Piano Trio No.2 in F Major, Op.8
“Hans Pfiitzner’s noteworthy Piano Trio No.2 in F Major, Op.8 was composed during 1895-96 and was published in 1898. Though not particularly easy, it is not beyond the reach of accomplished amateur players. Every Music Society and Concert Series will garner considerable praise and honor for programming this ourstanding late romantic era work on their concerts. Interestingly, a side theme from the first movement (a waltz from, at the time, Puccini’s little known opera La Boheme) is used throughout all four movements of the trio as a binder link, that is to say a leitmotiv, The first movement, Kräftig, feurig, nicht zu schnell (powerful, fiery, not to quick), is so stormy and turbulent that one barely notices the aforementioned side theme. In the slow second movement, Langsam, Pfitzner, harks back to the music of the past for his source of inspiration. This leitmotiv is least recognizable in the third movement, Mässign schnell, etwas frei im Vortrag (moderately quick, but not in strict time), which is a cross between a humorous scherzo and a capriccio. The finale begins Rasch und Wild (fast and wild) but soon the leitmotiv appears and leads to a slow fugue. Several dramatic episodes follow wherein the leitmotiv is clearly recognizable. As the trio reaches its stormy conclusion, the composer shifts into an extensive slow and effective coda.”—the famous chamber music scholar Wilhelm Altmann writing in his Handbook for Piano Trio Players.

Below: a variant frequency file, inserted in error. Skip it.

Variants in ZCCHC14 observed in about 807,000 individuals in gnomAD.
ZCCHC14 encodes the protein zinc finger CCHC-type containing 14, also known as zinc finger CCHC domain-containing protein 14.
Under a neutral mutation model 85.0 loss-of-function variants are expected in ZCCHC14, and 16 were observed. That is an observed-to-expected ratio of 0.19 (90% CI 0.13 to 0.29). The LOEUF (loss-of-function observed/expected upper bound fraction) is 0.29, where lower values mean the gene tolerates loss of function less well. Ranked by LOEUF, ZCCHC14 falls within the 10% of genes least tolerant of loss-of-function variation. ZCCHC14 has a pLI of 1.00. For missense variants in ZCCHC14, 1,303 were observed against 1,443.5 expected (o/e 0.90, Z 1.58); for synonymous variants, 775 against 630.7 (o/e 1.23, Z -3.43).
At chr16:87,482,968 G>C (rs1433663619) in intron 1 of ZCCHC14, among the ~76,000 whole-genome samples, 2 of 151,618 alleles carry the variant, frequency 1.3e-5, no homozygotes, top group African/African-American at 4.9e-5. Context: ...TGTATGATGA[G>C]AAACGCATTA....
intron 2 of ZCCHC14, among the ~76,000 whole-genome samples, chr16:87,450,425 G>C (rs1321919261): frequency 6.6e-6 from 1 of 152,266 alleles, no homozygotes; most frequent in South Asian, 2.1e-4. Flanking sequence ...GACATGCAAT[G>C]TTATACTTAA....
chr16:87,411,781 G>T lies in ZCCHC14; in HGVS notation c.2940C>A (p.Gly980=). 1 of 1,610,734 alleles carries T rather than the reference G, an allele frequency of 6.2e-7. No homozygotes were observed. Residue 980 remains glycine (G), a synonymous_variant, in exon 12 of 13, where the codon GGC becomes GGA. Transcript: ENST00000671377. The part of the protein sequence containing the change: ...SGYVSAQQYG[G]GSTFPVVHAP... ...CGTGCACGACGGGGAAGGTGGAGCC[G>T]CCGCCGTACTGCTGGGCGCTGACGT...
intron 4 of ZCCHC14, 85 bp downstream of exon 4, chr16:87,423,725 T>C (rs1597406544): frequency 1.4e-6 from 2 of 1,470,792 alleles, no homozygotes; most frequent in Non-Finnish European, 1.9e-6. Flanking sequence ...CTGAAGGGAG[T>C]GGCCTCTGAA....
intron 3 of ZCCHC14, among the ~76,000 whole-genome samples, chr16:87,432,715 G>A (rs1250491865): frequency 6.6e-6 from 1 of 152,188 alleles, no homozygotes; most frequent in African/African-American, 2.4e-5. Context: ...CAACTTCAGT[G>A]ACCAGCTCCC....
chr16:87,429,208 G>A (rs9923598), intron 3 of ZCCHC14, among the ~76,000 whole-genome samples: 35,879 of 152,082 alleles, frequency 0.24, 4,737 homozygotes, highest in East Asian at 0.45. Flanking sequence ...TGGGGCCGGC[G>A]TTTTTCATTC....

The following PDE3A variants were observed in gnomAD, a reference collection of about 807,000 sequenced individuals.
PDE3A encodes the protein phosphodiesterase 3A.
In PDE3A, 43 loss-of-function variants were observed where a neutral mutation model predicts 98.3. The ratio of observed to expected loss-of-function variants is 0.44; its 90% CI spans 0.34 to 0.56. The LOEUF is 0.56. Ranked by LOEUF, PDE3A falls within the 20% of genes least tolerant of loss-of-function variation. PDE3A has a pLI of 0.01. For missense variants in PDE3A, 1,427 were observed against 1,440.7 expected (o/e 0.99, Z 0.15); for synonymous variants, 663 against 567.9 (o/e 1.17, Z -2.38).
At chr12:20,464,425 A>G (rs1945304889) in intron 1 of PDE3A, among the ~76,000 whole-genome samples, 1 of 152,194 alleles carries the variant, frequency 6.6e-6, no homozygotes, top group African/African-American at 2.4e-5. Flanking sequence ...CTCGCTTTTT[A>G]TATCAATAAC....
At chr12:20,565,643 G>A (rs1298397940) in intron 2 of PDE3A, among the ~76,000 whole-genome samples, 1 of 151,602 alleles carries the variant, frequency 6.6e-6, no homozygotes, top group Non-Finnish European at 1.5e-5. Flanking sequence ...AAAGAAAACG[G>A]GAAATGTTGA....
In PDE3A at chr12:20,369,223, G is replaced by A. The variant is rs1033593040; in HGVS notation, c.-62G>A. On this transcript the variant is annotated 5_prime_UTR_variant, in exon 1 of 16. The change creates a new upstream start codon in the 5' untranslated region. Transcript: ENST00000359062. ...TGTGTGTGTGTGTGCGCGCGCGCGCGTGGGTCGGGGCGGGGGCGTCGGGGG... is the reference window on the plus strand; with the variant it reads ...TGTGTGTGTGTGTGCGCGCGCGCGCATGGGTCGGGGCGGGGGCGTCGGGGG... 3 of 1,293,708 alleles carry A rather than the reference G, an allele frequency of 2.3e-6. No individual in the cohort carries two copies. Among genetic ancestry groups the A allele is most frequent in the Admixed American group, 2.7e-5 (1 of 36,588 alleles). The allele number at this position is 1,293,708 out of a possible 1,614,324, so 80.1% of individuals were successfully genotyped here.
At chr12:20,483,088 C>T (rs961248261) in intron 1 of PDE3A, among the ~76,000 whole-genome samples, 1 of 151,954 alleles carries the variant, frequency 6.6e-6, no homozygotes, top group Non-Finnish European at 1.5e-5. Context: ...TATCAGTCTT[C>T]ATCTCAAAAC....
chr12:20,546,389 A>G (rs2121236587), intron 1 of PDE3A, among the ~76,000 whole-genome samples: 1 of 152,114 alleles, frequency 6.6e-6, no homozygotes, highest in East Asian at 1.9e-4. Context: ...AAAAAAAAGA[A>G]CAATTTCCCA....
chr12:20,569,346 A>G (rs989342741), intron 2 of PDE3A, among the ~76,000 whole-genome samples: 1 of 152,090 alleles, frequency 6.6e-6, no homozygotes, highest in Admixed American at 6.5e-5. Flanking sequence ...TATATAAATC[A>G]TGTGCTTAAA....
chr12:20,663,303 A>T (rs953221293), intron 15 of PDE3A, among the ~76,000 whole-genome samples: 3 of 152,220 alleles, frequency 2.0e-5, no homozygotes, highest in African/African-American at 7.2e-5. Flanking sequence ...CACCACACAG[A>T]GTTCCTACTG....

Hans Pfitzner (1869–1949) was born in Moscow of German parents. His father was a professional violinist and he received violin lessons from his father. Later he studied piano and composition at the Hoch Conservatory in Frankfurt. He enjoyed a long career as a conductor and teacher. His music was held in high regard by contemporaries such as Richard Strauss and Gustav Mahler. Pfitzner was an avowed opponent of the Second Vienna School with its serialism and atonal music. Instead, he sought new paths for traditional tonality. He composed in nearly every genre and is best known for his operas. He did not ignore chamber music, writing a number of string quartets, two piano trios and a piano quintet.
This is certainly one of the most unique and idiomatic works from this era and as Altmann writes should not be missed. Of note is the fact that our edition is the only one which has rehearsal letters.